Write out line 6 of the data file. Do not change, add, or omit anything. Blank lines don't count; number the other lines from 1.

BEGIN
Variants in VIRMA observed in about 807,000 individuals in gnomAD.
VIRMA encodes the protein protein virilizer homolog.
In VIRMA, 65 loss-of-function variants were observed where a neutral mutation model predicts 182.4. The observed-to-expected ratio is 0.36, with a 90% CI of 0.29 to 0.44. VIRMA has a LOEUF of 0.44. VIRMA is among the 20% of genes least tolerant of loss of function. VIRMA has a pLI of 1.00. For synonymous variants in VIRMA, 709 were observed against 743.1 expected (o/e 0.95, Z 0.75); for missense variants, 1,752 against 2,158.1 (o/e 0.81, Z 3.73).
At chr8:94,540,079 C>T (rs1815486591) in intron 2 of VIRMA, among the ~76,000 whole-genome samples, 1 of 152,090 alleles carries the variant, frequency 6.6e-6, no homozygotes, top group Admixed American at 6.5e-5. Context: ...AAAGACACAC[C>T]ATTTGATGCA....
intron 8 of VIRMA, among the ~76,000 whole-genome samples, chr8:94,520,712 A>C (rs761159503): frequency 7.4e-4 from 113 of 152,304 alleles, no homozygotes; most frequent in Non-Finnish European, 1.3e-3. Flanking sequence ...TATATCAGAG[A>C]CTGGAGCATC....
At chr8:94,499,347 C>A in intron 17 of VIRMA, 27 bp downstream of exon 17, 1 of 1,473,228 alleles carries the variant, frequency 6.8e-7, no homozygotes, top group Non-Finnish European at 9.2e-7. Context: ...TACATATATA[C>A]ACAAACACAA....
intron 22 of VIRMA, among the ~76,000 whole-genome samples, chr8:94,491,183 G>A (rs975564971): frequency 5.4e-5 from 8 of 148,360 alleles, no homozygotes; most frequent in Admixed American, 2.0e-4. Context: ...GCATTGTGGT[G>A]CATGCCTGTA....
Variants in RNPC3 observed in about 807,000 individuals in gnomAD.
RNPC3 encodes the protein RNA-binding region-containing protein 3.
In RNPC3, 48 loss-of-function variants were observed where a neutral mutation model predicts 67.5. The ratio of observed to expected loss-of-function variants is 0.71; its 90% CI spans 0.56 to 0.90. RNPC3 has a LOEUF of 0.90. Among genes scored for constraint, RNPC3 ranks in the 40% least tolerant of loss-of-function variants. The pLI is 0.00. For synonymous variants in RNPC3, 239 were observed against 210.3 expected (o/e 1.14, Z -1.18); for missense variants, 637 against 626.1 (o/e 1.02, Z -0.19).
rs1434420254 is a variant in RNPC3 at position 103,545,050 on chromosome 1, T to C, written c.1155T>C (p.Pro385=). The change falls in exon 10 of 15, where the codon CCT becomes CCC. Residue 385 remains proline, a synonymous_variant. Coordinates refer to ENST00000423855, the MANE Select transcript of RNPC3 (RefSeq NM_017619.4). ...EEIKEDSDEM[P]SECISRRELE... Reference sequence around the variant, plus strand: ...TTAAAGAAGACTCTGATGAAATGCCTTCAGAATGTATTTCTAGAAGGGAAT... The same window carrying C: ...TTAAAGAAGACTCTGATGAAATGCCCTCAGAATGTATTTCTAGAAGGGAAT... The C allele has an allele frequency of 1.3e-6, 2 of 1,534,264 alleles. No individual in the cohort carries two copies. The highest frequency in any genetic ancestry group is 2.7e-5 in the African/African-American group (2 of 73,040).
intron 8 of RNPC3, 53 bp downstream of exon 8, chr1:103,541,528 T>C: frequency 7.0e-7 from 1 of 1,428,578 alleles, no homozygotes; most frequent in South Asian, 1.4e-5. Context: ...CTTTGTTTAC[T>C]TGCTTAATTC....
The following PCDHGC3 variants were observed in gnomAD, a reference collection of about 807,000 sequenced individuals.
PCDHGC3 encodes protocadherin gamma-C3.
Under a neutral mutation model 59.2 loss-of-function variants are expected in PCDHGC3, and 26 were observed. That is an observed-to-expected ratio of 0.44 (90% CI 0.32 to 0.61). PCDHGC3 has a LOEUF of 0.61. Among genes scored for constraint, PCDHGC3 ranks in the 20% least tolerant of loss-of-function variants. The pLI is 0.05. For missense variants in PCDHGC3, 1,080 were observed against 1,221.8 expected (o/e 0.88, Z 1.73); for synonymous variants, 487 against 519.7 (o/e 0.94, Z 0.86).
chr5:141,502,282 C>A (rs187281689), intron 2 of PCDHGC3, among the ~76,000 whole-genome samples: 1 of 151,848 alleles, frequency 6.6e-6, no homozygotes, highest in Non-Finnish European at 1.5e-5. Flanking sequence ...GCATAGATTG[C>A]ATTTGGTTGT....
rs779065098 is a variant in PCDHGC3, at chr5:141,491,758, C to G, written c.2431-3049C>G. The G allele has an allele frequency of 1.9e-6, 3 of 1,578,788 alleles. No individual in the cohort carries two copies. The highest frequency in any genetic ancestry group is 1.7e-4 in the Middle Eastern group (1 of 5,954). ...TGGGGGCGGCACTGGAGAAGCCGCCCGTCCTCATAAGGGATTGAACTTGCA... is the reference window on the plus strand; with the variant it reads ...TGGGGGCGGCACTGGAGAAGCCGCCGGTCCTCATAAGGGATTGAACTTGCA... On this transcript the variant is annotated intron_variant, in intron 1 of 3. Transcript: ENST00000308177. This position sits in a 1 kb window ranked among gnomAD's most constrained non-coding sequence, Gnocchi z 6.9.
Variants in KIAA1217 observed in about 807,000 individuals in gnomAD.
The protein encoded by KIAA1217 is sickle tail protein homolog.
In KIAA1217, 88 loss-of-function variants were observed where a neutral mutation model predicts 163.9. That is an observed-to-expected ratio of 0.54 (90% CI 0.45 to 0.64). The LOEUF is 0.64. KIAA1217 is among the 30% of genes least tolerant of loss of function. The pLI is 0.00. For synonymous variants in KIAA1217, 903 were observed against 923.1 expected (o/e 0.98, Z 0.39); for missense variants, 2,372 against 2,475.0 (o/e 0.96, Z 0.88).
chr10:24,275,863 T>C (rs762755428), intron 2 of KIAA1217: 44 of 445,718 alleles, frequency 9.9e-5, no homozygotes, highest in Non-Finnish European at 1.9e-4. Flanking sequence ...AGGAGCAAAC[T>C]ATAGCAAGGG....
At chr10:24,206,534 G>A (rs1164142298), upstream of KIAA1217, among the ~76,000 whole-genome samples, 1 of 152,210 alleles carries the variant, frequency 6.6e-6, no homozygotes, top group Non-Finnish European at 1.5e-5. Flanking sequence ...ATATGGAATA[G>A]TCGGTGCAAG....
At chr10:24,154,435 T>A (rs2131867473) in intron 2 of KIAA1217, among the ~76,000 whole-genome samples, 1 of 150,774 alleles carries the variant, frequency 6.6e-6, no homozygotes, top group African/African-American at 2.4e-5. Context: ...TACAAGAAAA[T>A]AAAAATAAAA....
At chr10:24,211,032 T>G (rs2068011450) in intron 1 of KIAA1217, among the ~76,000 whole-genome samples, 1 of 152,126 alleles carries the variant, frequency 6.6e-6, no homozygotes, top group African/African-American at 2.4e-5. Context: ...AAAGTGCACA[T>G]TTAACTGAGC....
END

At chr8:94,499,347 C>A in intron 17 of VIRMA, 27 bp downstream of exon 17, 1 of 1,473,228 alleles carries the variant, frequency 6.8e-7, no homozygotes, top group Non-Finnish European at 9.2e-7. Context: ...TACATATATA[C>A]ACAAACACAA....